U.S. And Russia Still Have Some Common Ground
Published: July 31, 2014 (Issue # 1822)
In nominating John Tefft to be his ambassador to the Russian Federation, U.S. President Barack Obama chose a gifted and experienced diplomat. Assuming the Senate confirms him — and there is no reason to think it will not — he will have to draw heavily on that skill and expertise to manage a U.S.-Russian relationship that has hit its lowest point since the end of the Cold War.
One key challenge will be confronting Moscow on difficult issues, such as Ukraine, while maintaining cooperation on other questions where U.S. and Russian interests converge, such as Iran. Striking that balance will not prove easy.
Ambassador Tefft certainly brings the right credentials: More than 40 years in the diplomatic service. Ambassador to Ukraine, Georgia and Lithuania. Deputy chief of mission in Moscow. Deputy assistant secretary with responsibility for Russia. Two tours on the Soviet desk. And he has that rare knack for being able to deliver a tough message in a way that the recipient gets it but does not want to shoot the messenger.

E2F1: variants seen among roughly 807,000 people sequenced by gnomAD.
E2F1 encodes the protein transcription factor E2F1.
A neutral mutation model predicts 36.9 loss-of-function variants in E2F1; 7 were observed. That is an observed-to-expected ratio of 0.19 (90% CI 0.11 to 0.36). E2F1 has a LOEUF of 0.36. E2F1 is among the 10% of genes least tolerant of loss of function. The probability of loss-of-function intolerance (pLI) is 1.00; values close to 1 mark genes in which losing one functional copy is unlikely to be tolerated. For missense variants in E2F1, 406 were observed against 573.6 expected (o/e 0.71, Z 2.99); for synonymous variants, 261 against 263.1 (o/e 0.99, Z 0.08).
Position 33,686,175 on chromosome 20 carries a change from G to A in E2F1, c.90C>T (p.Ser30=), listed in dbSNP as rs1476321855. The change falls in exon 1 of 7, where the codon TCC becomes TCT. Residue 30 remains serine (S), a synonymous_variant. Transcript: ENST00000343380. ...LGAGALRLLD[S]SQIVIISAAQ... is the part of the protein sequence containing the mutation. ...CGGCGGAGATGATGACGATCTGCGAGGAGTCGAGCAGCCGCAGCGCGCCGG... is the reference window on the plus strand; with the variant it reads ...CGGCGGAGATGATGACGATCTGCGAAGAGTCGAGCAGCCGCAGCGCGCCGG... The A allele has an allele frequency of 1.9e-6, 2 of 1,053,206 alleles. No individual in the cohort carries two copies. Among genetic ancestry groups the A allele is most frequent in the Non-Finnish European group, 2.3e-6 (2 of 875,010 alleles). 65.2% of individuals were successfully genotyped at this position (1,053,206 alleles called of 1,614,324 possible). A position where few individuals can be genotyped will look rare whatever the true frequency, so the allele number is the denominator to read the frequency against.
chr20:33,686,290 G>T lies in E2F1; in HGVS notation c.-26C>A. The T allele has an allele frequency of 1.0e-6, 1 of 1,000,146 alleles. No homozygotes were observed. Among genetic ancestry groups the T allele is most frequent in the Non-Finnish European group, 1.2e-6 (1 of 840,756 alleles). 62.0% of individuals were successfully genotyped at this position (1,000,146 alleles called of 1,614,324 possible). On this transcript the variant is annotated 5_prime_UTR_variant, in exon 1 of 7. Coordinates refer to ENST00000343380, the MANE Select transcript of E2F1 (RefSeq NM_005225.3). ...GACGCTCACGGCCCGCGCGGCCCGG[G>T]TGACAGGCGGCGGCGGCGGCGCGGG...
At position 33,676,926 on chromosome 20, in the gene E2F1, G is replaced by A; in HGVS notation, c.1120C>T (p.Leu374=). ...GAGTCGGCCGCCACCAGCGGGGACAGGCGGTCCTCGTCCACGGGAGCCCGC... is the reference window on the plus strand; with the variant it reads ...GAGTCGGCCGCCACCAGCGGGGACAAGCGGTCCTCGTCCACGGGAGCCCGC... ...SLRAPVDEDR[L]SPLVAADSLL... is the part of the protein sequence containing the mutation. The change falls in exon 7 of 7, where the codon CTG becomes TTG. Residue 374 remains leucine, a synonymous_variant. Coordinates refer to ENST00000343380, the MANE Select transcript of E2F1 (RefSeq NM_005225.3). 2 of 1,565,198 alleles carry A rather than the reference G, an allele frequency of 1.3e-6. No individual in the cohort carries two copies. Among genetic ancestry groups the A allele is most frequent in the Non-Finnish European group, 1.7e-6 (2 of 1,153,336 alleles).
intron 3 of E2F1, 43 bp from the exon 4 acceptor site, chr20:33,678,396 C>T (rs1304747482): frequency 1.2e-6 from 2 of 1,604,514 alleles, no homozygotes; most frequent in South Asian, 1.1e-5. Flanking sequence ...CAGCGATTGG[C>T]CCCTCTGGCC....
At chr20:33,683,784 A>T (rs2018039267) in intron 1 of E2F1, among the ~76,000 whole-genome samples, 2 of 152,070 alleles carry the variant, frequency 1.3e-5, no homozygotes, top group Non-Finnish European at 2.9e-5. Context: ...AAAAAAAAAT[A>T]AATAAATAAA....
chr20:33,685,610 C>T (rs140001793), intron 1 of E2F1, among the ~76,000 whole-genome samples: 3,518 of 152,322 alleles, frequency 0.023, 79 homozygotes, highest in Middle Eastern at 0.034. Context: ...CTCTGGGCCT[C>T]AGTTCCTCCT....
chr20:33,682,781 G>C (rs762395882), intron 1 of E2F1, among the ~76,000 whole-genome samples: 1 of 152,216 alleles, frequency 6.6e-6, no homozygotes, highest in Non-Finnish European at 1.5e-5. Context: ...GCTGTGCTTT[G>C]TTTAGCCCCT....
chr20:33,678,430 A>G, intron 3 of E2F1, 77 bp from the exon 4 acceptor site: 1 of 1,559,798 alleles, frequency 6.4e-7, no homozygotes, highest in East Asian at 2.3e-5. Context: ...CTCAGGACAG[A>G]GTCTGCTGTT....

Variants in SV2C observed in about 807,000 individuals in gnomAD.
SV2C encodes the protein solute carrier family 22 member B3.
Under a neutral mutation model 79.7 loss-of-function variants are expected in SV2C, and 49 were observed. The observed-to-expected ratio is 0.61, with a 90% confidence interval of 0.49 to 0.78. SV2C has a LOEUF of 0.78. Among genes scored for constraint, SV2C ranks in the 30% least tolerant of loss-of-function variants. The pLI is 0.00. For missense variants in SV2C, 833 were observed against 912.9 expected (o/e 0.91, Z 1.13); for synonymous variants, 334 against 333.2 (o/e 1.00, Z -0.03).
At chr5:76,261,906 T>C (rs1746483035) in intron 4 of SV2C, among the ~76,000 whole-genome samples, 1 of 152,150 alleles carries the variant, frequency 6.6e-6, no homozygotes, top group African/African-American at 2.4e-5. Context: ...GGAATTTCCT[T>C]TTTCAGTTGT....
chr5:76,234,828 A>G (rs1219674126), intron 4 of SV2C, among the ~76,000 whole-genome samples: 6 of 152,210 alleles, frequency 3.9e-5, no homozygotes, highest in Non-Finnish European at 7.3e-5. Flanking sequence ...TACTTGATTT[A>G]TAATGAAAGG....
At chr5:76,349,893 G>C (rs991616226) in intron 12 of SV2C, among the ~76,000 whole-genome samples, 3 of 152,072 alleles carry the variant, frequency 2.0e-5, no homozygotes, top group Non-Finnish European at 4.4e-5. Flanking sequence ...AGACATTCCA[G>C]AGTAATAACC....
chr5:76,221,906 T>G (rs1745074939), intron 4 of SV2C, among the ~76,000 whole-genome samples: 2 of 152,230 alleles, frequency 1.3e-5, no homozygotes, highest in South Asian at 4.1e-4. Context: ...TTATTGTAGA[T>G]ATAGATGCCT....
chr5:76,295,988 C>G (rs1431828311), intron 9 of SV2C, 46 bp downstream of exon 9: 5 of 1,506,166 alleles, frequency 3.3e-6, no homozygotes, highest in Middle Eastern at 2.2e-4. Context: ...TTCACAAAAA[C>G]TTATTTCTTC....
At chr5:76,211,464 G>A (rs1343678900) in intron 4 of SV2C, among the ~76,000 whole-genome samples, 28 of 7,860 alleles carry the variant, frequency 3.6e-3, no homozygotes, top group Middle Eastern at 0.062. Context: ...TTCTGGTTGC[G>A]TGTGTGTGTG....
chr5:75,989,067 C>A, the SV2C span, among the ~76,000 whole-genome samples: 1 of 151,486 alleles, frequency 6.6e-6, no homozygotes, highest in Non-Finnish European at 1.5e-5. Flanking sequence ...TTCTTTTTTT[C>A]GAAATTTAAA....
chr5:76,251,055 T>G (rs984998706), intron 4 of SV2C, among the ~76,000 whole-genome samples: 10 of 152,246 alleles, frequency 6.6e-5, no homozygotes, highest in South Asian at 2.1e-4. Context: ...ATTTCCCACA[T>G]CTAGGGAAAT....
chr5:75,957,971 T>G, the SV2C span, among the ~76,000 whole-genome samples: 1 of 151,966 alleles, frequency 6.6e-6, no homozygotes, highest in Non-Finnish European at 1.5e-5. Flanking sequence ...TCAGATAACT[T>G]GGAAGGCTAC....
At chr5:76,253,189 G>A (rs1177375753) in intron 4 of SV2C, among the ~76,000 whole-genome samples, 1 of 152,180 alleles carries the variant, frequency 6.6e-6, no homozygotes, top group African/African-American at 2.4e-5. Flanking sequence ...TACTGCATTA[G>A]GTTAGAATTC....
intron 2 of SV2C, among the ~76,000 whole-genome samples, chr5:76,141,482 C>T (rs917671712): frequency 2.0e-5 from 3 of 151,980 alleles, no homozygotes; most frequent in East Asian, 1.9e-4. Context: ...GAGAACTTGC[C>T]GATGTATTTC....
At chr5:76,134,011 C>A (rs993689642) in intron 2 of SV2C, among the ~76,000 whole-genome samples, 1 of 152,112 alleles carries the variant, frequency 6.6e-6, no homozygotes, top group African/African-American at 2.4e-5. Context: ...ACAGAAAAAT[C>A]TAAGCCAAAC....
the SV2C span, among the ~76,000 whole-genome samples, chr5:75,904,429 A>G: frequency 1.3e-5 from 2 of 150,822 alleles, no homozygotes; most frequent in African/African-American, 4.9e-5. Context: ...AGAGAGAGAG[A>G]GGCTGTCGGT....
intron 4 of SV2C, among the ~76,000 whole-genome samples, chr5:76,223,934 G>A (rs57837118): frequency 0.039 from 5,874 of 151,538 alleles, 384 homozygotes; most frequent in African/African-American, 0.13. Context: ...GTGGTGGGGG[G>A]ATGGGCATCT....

That will come in handy because it looks like he will need to deliver a lot of tough messages.
Ukraine tops the list of issues at present. After seizing Crimea, the Kremlin continued to interfere in Ukraine by providing support for the insurgency in Donetsk and Luhansk. This support has included the supply of heavy weapons, one of which apparently was a surface-to-air missile used by the separatists in the Malaysia Airlines shootdown. Tefft has some experience in this area, having served on the Soviet desk in 1983 when a Soviet interceptor shot down a Korean Air Lines 747.
Washington has supported Kiev and ratcheted up sanctions on Russia, in parallel with punitive measures adopted by the European Union. The sanctions have hurt the Russian economy, but they thus far have failed in their political purpose: to get President Vladimir Putin to shut down the weapon flow and press the separatists to stop fighting.
Ukrainian President Petro Poroshenko has proposed decentralizing power, making Russian an official language of Ukraine, and promising not to pursue a deeper relationship with NATO.
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